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The Kidney

 Glomerular (Kidney) Filtration Rate

A key measurement of kidney health is its ability to perform its major function, filtering impurities out of the blood. The Glomerular filtration rate (GFR) is the technical name for this process.

The GFR is equal to the clearance rate when nothing either reabsorbed or secreted by the kidneys (a process that kidneys are constantly performing). The rate is measured by the quantity of the impurities in the urine that originated from a calculable volume of blood. The GFR is typically recorded in units of volume per time, e.g., milliliters per minute (mL/min).

In clinical practice, the substance creatinine clearance is used as a proxy to measure the filtration rate. Creatinine (a form of a substance that activates the body’s energy reserves) is at a steady-state concentration in the blood, and so measuring creatinine clearance is a more straight forward process.

Creatinine clearance rate (CCr) is calculated from the creatinine concentration in the collected urine sample (UCr), times the urine flow rate (volume over change in time (v̇)), and the plasma (the non-red blood cell component of blood) concentration of the creatinine (PCr).


In other words; how much liquid you have times, how long it took to produce it, divided by how much of the stuff (creatinine), that you are measuring is in the liquid that you have. This gives you the clearance rate


This is represented mathematically as;


One method of determining the creatinine clearance rate is to collect urine (usually for 24 hours) to determine the amount of creatinine that was removed from the blood over a given time interval.

  1. Each day is 24 hours long, and each hour is 60 minutes. How many minutes are in each day? (1,440)


If one passes 1440 milligrams (mg) in 24 hours, this is equivalent to removing 1mg/minute.

  2.  If the blood concentration of creatinine is 0.02 mg/mL, and 1 mg of creatinine is produced. How many liters of blood must be cleaned of creatinine to produce that one gram?

                                       0.02       1

                                       -----  =   ---                      0.02X = 1                          X = 50 liters of blood                        

                                         1          X


  3.   A person has a plasma creatinine concentration of 0.01 mg/ml and in 1 hour (60 minutes) produces 60ml of urine with a creatinine concentration of 1.25 mg/mL.  What is their creatinine clearance rate per minute?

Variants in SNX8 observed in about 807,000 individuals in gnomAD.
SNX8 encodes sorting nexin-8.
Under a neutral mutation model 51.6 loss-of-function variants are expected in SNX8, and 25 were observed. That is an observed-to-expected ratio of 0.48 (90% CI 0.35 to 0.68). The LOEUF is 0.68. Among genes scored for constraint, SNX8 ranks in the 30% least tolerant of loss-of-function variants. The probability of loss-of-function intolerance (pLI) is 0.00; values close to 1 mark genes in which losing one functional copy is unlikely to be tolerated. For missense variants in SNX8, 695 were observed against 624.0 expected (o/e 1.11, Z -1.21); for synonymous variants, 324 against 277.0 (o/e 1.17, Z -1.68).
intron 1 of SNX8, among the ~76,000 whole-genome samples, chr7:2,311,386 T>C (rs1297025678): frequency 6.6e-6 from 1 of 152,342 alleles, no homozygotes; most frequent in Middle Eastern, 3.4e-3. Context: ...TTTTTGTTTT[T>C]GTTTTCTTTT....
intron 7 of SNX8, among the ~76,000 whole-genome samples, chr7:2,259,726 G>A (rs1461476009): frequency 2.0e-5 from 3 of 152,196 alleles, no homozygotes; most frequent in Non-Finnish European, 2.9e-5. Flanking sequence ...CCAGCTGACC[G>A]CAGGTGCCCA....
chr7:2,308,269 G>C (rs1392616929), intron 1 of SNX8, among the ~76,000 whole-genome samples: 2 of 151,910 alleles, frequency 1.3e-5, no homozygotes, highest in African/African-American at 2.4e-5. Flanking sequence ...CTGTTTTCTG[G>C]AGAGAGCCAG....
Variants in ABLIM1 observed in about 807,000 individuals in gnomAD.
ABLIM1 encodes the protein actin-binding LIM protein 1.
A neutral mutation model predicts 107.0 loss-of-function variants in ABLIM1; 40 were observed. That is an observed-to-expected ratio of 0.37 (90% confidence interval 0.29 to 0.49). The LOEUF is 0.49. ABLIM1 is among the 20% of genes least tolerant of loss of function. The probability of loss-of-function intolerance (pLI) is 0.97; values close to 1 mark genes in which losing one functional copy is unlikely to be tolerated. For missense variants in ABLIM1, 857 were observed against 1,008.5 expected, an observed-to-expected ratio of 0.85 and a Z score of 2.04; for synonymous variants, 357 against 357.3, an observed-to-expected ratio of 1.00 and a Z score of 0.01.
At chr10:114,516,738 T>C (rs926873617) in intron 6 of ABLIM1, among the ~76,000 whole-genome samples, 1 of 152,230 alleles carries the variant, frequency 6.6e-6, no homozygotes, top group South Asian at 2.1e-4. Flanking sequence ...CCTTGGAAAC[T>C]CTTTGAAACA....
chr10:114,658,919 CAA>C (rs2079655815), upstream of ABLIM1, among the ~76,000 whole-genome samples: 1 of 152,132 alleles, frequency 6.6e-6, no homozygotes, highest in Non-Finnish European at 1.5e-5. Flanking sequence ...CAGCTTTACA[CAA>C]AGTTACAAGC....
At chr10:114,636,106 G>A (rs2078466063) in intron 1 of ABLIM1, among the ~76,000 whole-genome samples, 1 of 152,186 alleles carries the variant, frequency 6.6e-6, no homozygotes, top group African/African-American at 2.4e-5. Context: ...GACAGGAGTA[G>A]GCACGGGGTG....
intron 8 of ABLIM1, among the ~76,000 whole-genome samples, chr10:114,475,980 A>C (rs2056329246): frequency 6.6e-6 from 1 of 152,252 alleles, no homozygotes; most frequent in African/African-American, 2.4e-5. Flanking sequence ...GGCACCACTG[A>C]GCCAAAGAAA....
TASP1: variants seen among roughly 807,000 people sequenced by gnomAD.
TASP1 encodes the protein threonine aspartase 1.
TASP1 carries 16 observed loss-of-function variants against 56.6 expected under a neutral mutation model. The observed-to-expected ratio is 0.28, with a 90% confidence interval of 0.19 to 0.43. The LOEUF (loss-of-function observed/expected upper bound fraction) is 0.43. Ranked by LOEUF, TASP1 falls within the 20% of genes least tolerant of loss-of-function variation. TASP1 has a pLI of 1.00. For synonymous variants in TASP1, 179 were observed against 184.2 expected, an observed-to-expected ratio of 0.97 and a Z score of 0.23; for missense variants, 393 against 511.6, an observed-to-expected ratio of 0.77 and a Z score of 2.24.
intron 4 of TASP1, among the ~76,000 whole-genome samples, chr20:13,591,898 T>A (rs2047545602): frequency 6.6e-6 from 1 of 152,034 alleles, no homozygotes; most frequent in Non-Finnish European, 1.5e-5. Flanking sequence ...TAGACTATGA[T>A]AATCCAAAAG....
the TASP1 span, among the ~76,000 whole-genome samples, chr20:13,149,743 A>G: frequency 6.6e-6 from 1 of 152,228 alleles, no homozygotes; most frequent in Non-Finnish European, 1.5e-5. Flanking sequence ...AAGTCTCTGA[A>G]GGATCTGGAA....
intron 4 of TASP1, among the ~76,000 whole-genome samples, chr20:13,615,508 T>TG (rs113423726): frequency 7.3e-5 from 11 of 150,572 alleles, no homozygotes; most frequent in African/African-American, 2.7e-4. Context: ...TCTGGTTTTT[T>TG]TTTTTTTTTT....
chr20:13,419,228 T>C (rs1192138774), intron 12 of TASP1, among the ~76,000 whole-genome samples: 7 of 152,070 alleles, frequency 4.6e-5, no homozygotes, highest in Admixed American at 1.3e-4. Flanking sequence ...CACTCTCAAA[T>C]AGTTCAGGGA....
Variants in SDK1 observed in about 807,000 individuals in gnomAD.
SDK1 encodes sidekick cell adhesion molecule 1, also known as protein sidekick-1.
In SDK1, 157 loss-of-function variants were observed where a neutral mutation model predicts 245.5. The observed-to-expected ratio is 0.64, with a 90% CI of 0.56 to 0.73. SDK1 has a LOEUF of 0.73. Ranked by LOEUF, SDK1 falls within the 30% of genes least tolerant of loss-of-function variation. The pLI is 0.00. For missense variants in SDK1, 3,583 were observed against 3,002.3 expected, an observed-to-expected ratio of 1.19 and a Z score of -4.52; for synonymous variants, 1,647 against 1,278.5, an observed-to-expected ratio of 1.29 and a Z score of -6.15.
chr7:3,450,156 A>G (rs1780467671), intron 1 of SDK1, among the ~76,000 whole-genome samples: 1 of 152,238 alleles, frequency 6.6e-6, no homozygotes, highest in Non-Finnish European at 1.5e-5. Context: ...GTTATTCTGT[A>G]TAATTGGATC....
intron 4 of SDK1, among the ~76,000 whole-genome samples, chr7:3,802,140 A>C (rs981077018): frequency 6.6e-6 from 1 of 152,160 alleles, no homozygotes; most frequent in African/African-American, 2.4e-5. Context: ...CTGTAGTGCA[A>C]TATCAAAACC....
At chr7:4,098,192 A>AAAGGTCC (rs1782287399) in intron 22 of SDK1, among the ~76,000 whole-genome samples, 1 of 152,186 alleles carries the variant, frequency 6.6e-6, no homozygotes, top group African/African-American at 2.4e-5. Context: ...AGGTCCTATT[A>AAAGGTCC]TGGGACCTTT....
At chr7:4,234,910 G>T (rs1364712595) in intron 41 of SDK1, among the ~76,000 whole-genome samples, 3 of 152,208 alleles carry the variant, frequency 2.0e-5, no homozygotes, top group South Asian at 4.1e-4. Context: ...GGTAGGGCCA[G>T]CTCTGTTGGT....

Utilizing the above formulae for Ccr as a proxy for GFR, determine the stages of kidney disease for the persons based on the data below.


The Stages of Kidney Disease


GFR level (mL/min/1.73 m2) where mL = milliliters, min = minute, and 1.73m2 = body surface area


1) CKD1 – GFR above 90 mL/min/1.73m2

2) CKD2 (mild) – GFR of 60 to 89 mL/min/1.73m2

3) CKD3 (moderate) – GFR of 30 to 59 mL/min/1.73 m2

4) CKD4 (severe) – GFR of 15 to 29 mL/min/1.73 m2

5) CKD5 kidney failure - GFR less than 15 mL/min/1.73 m2


There are a number of factors that impact the result including race, gender and body size. The 1.73m2 in the above calculation stands for the standard body size. In order to account for size variation in human beings, the follow correction can be applied as an aid in determining a more accurate figure.


Where BSA (body surface area) is calculated by measuring height in centimeters (1 inch = 2.54 centimeters) and kilograms (2.2 lbs. = 1 kilogram) in the formula below:


Multiplying the height in centimeters times the weight in kilograms and then taking the square root. The square root is then divided by 60 and then placed in the corrected Ccr formula.

If a person is six feet tall;

6 x 12 inches x 2.54 = 183 centimeters in height (rounded)

If a person weighs 200 lbs;

200/2.2 = 91 kilograms (rounded)

 The square root of 183 X 91 (16,653) rounded to the nearest whole number = 129

Their BSA would 129/60 = 2.15. Plugging into the Ccr-corrected equation yields a correction factor of 0.8 (1.73/2.15).


  4.  The rate of kidney decline is different between ethnic-racial groups. Kidney function declines with age. If a white person’s kidney function rate declines at 1 mL/min per annum GRF, and African-American’s at 1.3mL/min per year. If at age 30 each group has a GRF of 100, how many years will it take for each group to reach the second stage of kidney dysfunction?